The State party should take prompt measures to ensure that all instances of death in custody are promptly investigated and those responsible for any deaths resulting from torture, ill-treatment or any other illegal actions are prosecuted. The Committee reiterates its recommendation that the State party should improve conditions of detention, in particular in prisons No.6 and 14.
Involuntary placement and conditions in psychiatric institutions
The Committee is concerned at continuous reports of forced confinement in psychiatric hospitals or of confinement not based on informed consent. While appreciating the information provided by the State party on the refurbishment and improvement of living conditions in certain psychiatric facilities, the Committee remains concerned at reports of verbal and sometimes physical abuse of patients, overcrowding in several mental health facilities, substandard living conditions (Ganja and Mashtaga Hospitals), insufficient food provision, lack of proper therapeutic approach and rehabilitative psycho social activities, lack of detailed instructions and harmonized registration system of the use of means of mechanical restraints, lack of proper judicial review in cases of involuntary hospitalization. (arts. 11 and 16).
The State party should take measures to ensure that verbal and physical abuse of patients is eradicated and perpetrators are adequately punished, all psychiatric facilities provide decent living conditions to all patients, all patients are provided with sufficient diet and proper amount of food, each patient has own treatment plan and access to full range of rehabilitative psycho-social activities, detailed instructions are issued and any resort to any type of means of restraints is properly registered and monitored, provisions of the National Mental Health Act are duly followed, every patient whose involuntary placement is sought has access to free legal aid, is heard in person by a competent judge before deciding on placement, provided a copy of a court decision.
Violence in the armed forces
The Committee is concerned at the reported prevalence of violence and ill-treatment of conscripts in the army, commonly called Dedovshchina (hazing or bullying), which has reportedly led to serious injuries, and of a number of unexplained deaths of conscripts, including suicides (arts. 2 and 16).
The State party should initiate prompt and effective investigations into every case ofnon-field related deaths, including suicides, of soldiers in the armed services, and should prosecute and punish any perpetrators of actions leading to these deaths and take measures to prevent such incidents in the future.
Violence against women
The Committee appreciates the information provided on different measures designed to address the phenomenon of violence against women, but it remains concerned by reports of cases of violence against women and regrets the lack of statistical information on the overall complaints of domestic violence reported and the number of investigations, convictions and punishments meted out for acts of violence against women. The Committee is further concerned at reports that law enforcement officers are dismissive of women’s complaints of such violence and that there are inadequate facilities available for women victims of such violence in the State party. It is also concerned at the insufficient safe shelters for victims of domestic violence and at reports that one of the few shelters in Baku had been recently closed. (arts. 2, 12, 13, 14 and 16).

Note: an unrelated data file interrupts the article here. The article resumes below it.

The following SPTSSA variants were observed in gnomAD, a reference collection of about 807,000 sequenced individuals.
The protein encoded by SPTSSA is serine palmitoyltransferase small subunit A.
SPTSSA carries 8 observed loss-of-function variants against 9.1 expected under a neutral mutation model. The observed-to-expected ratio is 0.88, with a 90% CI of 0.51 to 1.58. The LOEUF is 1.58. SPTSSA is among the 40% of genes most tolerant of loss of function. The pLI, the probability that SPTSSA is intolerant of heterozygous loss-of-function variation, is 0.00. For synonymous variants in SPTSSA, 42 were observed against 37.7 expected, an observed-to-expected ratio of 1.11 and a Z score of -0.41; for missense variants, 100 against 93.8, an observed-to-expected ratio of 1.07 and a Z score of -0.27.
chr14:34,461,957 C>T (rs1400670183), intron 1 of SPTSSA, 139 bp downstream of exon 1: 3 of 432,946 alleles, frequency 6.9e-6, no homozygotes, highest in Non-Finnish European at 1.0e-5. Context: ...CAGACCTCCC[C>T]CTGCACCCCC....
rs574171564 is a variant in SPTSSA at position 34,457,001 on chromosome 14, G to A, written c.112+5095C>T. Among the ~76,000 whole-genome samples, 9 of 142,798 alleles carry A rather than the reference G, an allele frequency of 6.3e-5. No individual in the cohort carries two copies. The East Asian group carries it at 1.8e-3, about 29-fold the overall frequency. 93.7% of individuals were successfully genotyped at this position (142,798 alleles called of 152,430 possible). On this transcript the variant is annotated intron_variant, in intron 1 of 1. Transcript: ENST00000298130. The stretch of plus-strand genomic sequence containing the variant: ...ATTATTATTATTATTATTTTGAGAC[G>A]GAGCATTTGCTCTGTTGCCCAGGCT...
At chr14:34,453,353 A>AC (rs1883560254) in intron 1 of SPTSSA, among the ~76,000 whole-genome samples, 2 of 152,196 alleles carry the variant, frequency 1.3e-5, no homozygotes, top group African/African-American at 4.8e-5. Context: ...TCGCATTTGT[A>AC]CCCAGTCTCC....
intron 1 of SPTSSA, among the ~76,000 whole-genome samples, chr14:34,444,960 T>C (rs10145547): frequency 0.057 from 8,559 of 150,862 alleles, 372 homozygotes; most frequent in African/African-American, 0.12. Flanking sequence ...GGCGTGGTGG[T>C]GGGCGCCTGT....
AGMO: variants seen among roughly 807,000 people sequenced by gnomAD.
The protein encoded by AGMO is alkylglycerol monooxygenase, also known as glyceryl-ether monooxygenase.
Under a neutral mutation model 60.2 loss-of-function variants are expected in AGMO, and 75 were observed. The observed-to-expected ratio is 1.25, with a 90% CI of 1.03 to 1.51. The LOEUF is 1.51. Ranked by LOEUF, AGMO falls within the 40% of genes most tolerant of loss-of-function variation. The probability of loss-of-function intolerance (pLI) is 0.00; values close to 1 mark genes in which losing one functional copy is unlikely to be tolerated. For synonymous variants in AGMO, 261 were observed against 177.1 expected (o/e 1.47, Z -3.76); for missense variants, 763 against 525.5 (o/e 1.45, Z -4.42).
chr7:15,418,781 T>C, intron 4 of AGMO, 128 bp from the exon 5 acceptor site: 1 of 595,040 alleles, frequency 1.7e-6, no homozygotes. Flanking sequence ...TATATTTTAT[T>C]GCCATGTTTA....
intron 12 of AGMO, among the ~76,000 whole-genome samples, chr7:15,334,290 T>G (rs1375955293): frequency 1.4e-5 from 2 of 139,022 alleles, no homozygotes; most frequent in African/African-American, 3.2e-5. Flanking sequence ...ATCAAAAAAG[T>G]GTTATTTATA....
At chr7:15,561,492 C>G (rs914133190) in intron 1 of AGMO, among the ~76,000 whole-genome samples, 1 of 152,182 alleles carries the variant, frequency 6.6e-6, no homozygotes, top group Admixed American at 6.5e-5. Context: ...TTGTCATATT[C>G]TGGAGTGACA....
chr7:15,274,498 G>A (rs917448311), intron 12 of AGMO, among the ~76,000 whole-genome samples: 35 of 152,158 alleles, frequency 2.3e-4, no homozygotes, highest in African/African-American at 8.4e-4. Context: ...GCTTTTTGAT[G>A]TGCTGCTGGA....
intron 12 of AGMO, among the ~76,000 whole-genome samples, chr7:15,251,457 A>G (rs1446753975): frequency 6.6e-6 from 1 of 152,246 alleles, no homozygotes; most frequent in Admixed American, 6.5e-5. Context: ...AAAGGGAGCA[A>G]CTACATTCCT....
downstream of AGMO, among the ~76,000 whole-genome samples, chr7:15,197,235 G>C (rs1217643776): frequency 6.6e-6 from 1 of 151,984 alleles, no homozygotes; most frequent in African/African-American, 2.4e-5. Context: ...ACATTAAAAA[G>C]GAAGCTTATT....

The State party should ensure that mechanisms are in place to encourage women victims of violence to come forward and that all allegations of violence are promptly, thoroughly and effectively investigated, that perpetrators are held accountable, and that women victims of violence obtain adequate redress, including, inter alia, compensation and rehabilitation. The State party should compile information on the number of cases of domestic violence that have been reported, the number of such complaints that have been promptly, impartially and independently investigated, the number of investigations that led to trials and the outcomes of the trials, including the punishment meted out and the compensation provided to victims. The State party should provide for the protection of victims, access to medical, social and legal services, temporary accommodation, and compensation and rehabilitation.
While noting with satisfaction the measures taken by the State party to combat trafficking in human beings, the Committee remains concerned at reports concerning the need to achieve full implementation of such measures in Azerbaijan (arts. 2, 10, 12 and 16).
The State party should ensure that legislation on trafficking is fully enforced and should continue its efforts to prevent, investigate, prosecute and convict persons found responsible, including any Government officials complicit in trafficking.
The Committee is concerned at reports of individuals falling outside the scope of asylum applications proceeding, who remain without the protection of the law. It is concerned at cases of extraordinary rendition, based on bilateral extradition agreements, such as the rendition of Chechens to the Russian Federation, where they may face a real risk of torture. The Committee notes the State party’s assertion that it has never participated in the CIA secret rendition program, but remains concerned at reports that it had allegedly permitted the use of its airports and airspace for CIA extraordinary rendition flights. The Committee regrets the lack of information on a) cases where individuals have claimed that their extradition should be refused, in accordance with article 3.2.2 of the Extradition of Offenders Act, because there were sufficient grounds that the individual concerned would be subjected to torture, cruel, inhuman or degrading treatment or punishment and b) the outcome of such cases (art. 3).